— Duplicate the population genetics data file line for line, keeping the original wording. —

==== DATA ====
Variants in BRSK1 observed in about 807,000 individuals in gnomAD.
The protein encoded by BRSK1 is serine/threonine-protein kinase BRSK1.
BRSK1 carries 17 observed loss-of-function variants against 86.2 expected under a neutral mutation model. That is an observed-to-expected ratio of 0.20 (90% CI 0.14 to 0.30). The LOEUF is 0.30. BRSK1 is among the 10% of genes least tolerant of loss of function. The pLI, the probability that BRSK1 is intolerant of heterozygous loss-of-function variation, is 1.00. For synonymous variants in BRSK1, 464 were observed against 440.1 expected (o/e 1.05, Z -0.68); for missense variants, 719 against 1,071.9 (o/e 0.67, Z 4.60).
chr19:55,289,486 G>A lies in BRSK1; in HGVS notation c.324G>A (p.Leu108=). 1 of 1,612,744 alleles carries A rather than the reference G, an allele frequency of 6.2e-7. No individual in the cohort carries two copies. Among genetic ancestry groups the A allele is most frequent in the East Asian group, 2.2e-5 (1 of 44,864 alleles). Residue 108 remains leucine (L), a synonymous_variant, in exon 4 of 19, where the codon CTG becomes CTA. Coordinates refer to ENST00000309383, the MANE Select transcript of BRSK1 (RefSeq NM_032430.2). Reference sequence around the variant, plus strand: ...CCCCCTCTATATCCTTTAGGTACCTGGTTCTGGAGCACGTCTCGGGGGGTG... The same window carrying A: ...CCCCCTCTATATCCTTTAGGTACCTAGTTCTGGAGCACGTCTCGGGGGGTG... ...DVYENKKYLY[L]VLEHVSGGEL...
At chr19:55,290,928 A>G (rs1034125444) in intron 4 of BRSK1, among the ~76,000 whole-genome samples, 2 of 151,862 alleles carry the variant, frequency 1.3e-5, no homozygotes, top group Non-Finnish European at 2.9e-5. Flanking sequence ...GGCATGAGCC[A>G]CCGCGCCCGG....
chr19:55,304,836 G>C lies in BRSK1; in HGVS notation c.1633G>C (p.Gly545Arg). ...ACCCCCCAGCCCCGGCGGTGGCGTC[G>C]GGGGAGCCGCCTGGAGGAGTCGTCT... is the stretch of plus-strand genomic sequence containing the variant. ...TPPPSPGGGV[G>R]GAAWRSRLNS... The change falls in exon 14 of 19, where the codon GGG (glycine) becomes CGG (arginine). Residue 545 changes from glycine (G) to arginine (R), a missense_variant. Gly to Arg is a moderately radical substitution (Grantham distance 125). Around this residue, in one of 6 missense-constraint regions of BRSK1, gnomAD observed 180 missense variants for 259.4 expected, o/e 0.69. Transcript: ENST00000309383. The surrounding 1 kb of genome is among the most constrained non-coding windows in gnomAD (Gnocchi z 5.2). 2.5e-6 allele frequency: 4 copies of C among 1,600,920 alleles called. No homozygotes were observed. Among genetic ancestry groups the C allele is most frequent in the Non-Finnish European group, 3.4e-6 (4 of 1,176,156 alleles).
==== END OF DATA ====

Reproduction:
Variants in BRSK1 observed in about 807,000 individuals in gnomAD.
The protein encoded by BRSK1 is serine/threonine-protein kinase BRSK1.
BRSK1 carries 17 observed loss-of-function variants against 86.2 expected under a neutral mutation model. That is an observed-to-expected ratio of 0.20 (90% CI 0.14 to 0.30). The LOEUF is 0.30. BRSK1 is among the 10% of genes least tolerant of loss of function. The pLI, the probability that BRSK1 is intolerant of heterozygous loss-of-function variation, is 1.00. For synonymous variants in BRSK1, 464 were observed against 440.1 expected (o/e 1.05, Z -0.68); for missense variants, 719 against 1,071.9 (o/e 0.67, Z 4.60).
chr19:55,289,486 G>A lies in BRSK1; in HGVS notation c.324G>A (p.Leu108=). 1 of 1,612,744 alleles carries A rather than the reference G, an allele frequency of 6.2e-7. No individual in the cohort carries two copies. Among genetic ancestry groups the A allele is most frequent in the East Asian group, 2.2e-5 (1 of 44,864 alleles). Residue 108 remains leucine (L), a synonymous_variant, in exon 4 of 19, where the codon CTG becomes CTA. Coordinates refer to ENST00000309383, the MANE Select transcript of BRSK1 (RefSeq NM_032430.2). Reference sequence around the variant, plus strand: ...CCCCCTCTATATCCTTTAGGTACCTGGTTCTGGAGCACGTCTCGGGGGGTG... The same window carrying A: ...CCCCCTCTATATCCTTTAGGTACCTAGTTCTGGAGCACGTCTCGGGGGGTG... ...DVYENKKYLY[L]VLEHVSGGEL...
At chr19:55,290,928 A>G (rs1034125444) in intron 4 of BRSK1, among the ~76,000 whole-genome samples, 2 of 151,862 alleles carry the variant, frequency 1.3e-5, no homozygotes, top group Non-Finnish European at 2.9e-5. Flanking sequence ...GGCATGAGCC[A>G]CCGCGCCCGG....
chr19:55,304,836 G>C lies in BRSK1; in HGVS notation c.1633G>C (p.Gly545Arg). ...ACCCCCCAGCCCCGGCGGTGGCGTC[G>C]GGGGAGCCGCCTGGAGGAGTCGTCT... is the stretch of plus-strand genomic sequence containing the variant. ...TPPPSPGGGV[G>R]GAAWRSRLNS... The change falls in exon 14 of 19, where the codon GGG (glycine) becomes CGG (arginine). Residue 545 changes from glycine (G) to arginine (R), a missense_variant. Gly to Arg is a moderately radical substitution (Grantham distance 125). Around this residue, in one of 6 missense-constraint regions of BRSK1, gnomAD observed 180 missense variants for 259.4 expected, o/e 0.69. Transcript: ENST00000309383. The surrounding 1 kb of genome is among the most constrained non-coding windows in gnomAD (Gnocchi z 5.2). 2.5e-6 allele frequency: 4 copies of C among 1,600,920 alleles called. No homozygotes were observed. Among genetic ancestry groups the C allele is most frequent in the Non-Finnish European group, 3.4e-6 (4 of 1,176,156 alleles).